- Complaining of constant tiredness
- Difficulty remembering or concentration on things
- An increase in maladaptive coping strategies like drinking, drug taking etc
- Changes in mood (becoming more irritable, angry, sad or other subtle changes)
- An increase in risky behaviours
- Difficulty speaking, thinking clearly or making decisions
- Moving slowly or being restless or agitated
- Changes in behaviour (less energy, lack of interest in things they usually enjoy)
- Changes in sleep
- Changes in appetite
If you are concerned, be honest about your concerns - encourage loved ones to talk. Normalise their feelings- you feel them too. Encourage self-care and activities that are possible that might help distract them. It is important to emphasise the point that no person is responsible for another’s mental health, but if you are concerned about a loved one there are lots of places to seek information and guidance. Kindness and human connection are at the heart of all strategies to help friends and family during these strange times:
- Reach out – message, call, email in the place of face-to-face contact.
- Reach out again (a supportive text message, note or email goes a long way)
- Reinforce the message it is ok to not be ok
- Be willing to listen
- Be curious and non-judgmental
- Don’t rush in with solutions. You don’t need to have all the answers but be willing to look for help together
- Be aware of the support services that are available and encourage a person to get help
The limited research from the last few months suggests that there is an increase in people struggling with mental ill-health, however there has also been a decrease in help-seeking behaviour.
There are lots of amazing helplines and services that are open:
- Samaritans Confidential support for people experiencing feelings of distress or despair.
- Papyrus Young Suicide Prevention Society 0800 068 4141. They have a number for parents/professionals concerned about a young person too.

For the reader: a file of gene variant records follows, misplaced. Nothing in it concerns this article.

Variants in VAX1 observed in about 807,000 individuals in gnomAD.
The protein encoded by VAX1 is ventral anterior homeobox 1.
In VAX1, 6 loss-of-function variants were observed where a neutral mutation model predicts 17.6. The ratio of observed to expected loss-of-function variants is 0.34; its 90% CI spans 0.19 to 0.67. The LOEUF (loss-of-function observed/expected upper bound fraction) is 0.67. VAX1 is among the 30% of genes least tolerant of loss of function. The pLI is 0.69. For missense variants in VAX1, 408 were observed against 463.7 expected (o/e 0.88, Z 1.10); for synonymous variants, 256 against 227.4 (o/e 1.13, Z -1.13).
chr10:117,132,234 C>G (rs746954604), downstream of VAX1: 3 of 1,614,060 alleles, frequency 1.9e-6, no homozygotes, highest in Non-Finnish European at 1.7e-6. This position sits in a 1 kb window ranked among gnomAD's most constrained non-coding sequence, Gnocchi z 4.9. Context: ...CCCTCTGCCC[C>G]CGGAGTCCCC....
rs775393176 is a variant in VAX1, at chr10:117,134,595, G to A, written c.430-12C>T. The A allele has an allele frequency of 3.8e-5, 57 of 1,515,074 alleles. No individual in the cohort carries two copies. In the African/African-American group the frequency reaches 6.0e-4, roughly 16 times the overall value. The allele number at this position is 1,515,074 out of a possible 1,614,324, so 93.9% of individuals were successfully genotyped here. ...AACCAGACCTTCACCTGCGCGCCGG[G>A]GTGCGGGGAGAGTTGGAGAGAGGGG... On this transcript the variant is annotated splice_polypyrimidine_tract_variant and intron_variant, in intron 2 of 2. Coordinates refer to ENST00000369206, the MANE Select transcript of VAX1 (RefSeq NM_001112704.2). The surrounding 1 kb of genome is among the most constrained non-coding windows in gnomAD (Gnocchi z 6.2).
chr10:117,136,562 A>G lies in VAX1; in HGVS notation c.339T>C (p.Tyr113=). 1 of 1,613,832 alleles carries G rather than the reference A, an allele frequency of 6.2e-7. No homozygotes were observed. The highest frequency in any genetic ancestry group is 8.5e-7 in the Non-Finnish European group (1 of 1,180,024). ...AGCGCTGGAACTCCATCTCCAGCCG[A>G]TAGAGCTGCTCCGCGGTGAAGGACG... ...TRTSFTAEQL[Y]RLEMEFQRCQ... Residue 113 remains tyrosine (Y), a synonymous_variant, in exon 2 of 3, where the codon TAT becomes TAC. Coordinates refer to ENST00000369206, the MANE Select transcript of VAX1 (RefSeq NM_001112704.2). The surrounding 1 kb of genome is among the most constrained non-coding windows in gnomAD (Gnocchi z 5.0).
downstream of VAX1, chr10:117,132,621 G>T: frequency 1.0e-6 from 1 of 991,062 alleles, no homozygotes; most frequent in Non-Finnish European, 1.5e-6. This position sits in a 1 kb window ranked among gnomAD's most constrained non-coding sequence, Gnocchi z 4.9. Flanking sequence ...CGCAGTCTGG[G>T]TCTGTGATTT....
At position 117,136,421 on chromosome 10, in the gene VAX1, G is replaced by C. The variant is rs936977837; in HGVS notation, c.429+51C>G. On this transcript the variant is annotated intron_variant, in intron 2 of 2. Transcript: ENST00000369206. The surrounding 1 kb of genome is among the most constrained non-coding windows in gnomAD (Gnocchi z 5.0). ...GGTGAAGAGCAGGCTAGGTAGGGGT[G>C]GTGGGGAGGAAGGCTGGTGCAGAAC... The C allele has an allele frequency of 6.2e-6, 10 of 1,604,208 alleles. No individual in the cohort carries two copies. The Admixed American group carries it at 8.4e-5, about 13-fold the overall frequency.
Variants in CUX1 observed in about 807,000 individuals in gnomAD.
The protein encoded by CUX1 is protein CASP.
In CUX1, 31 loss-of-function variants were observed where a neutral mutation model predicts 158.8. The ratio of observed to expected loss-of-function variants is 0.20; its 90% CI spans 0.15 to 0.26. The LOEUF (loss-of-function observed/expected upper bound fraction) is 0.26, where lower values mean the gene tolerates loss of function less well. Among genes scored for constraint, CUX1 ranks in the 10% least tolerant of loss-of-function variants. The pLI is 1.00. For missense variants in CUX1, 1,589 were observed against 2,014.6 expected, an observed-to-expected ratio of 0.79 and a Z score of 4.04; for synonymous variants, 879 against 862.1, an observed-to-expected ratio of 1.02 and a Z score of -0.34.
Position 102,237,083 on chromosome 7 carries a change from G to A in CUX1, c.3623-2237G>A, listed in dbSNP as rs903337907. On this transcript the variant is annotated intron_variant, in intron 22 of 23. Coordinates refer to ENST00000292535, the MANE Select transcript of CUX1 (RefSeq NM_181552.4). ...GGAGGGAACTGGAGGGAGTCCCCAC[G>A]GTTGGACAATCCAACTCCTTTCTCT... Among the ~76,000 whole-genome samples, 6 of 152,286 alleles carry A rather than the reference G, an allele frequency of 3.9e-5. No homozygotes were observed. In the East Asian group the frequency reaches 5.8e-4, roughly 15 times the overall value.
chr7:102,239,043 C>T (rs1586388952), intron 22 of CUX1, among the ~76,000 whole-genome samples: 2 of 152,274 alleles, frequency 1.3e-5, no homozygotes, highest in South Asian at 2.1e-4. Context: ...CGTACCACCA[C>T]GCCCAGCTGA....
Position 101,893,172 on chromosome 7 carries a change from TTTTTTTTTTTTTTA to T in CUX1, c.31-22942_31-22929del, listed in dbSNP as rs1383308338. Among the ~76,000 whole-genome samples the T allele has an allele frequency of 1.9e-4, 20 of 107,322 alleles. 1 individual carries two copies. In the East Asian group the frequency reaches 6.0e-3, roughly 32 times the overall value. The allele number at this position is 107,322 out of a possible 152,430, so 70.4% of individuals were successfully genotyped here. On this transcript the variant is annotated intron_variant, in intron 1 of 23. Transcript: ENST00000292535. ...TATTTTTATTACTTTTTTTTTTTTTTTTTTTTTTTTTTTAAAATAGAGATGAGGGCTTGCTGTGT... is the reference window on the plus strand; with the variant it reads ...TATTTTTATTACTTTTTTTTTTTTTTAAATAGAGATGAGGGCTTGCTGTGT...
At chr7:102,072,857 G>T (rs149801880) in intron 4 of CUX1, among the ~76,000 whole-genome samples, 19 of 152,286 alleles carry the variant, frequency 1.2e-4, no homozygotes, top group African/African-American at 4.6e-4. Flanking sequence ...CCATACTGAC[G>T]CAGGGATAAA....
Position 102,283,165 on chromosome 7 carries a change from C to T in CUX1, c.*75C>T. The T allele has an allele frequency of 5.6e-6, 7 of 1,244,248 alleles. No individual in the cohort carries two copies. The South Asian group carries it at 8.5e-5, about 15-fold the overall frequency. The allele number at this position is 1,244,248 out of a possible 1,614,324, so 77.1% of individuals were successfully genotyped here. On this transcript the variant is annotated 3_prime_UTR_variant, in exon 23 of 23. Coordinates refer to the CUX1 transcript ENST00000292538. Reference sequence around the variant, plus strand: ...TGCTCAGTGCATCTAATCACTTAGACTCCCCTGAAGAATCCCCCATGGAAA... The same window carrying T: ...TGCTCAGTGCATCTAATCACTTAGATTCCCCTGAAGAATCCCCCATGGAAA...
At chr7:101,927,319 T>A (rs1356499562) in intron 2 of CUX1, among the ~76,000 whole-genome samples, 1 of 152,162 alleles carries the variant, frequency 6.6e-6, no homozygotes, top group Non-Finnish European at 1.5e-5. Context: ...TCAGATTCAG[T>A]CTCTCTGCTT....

- CALM is the Campaign Against Living Miserably, for men aged 15-35. Website: www.thecalmzone.net
- National Domestic Violence Helpline freephone 0808 2000 247
Your local NHS service will be able to highlight what is available in your area. Call 111 or your GP for more information. It is important to contact emergency services if you feel a person may be unsafe.
Our practice is based in Farnham and is home to several psychologists with a range of specialisms. We are open, albeit online or on the phone temporarily, and keen to continue to support the mental health and emotional well being of our community. There is a list of resources and helplines on our website (www.CarltonPsychology.co.uk). Please get in touch if you would like to speak with a psychologist.
Stay safe and be kind.
8 Carlton Yard,
Victoria Road - Central Car Park
Carlton Psychology is a practice of registered health professionals – passionate about delivering a high standard of psychological therapy, training and supervision. At Carlton Psychology we only work with professionals we trust implicitly – the same individuals we would recommend to our own friends or family. All of our affiliates are trained at masters or doctorate level and are highly experienced.